Wednesday, October 31 15:28:46
Banks could leave Britain if they are asked to fully separate retail and commercial operations from their investment banking activities, former Barclays Chief Executive Martin Taylor told lawmakers today.
The Independent Commission on Banking recommended last December that lenders formed barriers between their retail operations and riskier investment arms to offer consumers better protection in any future financial crisis. However, it stopped short of backing full separation.
"Had we mandated a full split, one or two banks could reasonably have asked themselves whether they would want to move," Taylor, one of the authors of a government-commissioned review of the industry, told the Parliamentary Commission on Banking Standards today.
Taylor said that having a ringfenced retail bank would give the benefits of simpler supervision without going all the way to a full split, which has been advocated by Paul Volcker, the former Federal Reserve Chairman who has been at the forefront of regulatory debate in the United States.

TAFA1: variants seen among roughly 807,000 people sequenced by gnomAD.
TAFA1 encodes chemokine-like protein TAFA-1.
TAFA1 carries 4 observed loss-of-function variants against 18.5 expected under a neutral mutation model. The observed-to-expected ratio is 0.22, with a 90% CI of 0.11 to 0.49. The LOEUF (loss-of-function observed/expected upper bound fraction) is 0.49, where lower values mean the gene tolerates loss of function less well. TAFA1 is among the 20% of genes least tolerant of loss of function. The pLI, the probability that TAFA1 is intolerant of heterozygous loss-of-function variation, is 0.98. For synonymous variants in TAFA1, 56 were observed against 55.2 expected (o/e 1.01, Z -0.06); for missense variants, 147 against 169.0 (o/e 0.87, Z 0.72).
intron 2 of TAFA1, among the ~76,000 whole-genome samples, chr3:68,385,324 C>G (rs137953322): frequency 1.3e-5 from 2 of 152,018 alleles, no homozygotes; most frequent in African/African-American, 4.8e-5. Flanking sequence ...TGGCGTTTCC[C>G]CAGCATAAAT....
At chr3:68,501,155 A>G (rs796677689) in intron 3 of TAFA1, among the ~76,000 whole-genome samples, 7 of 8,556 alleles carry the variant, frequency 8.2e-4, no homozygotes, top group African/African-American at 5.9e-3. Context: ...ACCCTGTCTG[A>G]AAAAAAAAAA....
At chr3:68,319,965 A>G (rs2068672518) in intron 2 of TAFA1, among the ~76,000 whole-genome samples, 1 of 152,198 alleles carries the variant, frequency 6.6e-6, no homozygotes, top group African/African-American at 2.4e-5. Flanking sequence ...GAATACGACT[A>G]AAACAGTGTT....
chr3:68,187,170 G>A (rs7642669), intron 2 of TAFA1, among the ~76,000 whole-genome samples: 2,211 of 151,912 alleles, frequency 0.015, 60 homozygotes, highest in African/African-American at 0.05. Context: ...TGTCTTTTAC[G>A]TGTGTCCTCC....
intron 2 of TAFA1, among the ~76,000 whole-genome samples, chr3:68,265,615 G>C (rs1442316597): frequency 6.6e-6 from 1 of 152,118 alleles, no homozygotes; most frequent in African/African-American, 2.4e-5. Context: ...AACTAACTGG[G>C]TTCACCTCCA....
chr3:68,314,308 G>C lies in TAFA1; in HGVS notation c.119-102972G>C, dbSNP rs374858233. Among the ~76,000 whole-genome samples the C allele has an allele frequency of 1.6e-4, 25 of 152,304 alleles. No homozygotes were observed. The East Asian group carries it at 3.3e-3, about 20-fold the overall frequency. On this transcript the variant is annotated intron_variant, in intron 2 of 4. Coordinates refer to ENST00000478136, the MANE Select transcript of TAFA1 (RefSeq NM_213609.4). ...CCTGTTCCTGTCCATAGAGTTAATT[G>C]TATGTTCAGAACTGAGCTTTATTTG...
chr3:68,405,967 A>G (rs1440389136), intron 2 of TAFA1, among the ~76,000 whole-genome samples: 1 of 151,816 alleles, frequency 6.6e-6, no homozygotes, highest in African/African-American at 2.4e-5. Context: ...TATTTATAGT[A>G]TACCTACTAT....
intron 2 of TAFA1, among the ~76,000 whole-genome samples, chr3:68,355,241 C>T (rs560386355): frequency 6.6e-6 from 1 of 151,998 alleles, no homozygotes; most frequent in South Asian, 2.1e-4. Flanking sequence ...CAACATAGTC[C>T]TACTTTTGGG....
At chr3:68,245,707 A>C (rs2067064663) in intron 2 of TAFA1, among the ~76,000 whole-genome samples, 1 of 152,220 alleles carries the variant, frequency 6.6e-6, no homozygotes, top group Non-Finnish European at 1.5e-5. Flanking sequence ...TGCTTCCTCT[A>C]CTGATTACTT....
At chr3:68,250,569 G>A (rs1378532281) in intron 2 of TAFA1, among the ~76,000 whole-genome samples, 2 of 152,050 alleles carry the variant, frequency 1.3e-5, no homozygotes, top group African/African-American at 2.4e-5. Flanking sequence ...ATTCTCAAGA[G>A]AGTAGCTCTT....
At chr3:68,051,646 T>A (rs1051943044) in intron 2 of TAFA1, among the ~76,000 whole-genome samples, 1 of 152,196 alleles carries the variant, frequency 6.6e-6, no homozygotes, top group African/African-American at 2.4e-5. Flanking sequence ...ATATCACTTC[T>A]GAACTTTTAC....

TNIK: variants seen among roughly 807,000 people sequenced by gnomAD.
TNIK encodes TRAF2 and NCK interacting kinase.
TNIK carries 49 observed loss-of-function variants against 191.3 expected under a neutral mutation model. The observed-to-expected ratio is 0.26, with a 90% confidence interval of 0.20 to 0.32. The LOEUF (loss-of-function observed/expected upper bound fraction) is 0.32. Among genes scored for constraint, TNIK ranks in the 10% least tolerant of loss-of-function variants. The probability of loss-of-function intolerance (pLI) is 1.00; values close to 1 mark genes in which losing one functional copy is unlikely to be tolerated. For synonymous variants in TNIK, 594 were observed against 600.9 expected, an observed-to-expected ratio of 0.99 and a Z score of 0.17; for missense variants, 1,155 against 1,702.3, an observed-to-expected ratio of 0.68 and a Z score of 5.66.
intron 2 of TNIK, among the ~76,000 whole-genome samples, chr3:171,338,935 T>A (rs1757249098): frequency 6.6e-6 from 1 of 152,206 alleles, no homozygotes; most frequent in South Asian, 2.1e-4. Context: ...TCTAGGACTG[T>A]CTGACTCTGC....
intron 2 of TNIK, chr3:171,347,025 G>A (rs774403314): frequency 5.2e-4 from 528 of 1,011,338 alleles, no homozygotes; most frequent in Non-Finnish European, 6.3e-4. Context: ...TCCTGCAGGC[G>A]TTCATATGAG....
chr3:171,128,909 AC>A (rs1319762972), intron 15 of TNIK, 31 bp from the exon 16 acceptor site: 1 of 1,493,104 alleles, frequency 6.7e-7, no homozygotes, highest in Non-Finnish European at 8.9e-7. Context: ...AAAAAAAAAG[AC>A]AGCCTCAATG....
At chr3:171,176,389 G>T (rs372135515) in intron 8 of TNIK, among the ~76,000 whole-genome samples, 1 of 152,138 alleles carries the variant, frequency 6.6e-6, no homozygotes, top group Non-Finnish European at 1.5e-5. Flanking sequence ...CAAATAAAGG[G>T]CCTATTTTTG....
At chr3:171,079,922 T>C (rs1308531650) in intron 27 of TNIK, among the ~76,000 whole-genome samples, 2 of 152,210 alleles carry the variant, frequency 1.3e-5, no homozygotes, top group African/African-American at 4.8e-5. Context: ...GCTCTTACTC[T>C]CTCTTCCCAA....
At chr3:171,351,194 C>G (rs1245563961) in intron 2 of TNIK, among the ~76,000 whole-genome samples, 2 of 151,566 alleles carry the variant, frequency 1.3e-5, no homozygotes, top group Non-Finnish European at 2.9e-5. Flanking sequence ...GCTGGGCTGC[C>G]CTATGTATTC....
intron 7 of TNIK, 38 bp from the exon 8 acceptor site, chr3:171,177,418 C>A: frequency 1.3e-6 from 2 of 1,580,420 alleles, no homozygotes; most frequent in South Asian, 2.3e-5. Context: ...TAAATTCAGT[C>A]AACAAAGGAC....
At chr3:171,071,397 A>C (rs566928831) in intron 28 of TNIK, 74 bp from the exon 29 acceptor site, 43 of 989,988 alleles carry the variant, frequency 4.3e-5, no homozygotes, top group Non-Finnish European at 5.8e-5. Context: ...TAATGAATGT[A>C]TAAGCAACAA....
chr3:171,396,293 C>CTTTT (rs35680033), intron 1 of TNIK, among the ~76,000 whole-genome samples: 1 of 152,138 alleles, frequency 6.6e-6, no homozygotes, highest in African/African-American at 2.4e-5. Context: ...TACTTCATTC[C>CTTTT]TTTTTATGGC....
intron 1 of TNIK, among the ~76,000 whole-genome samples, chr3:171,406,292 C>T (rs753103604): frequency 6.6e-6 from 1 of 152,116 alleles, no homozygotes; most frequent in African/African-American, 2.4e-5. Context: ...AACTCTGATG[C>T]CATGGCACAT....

Taylor said that maintaining both sides of the bank within a group structure would enable the retail bank to be rescued if it got into trouble and suggested full separation would lead to a British banking sector comprising only large retail banks with no earnings diversification.
Financial services account for around 8 percent of Britain's gross domestic product and there were just over 280,000 financial services jobs in London in 2011, according to the Centre for Economics and Business Research (CEBR).
UK finance minister Nigel Lawson, who is sitting on the commission and is known to favour a complete separation of a bank's retail operations, took a contrasting view.
"Some of us find it difficult to conceive how there can be two diametrically opposed cultures within one and the same institution and with, incidentally, one and the same group of shareholders," he said.
The parliamentary inquiry was launched in response to the government coming under pressure to more rigorously scrutinise banks following a raft of scandals including Barclays being fined for manipulating interest rates.
Taylor, who ran Barclays from 1994 to 1998, also raised concerns about banks with large overseas exposure effectively funding their international operations through their British retail banking businesses.
"My concern is that HSBC, like Barclays and RBS has been running its global investment bank off its UK retail bank balance sheet. I think this is just bad practice and it's almost a health and safety issue," he said.
The banking standards commission is expected to make legislative proposals by Dec. 18. (C ) Reuters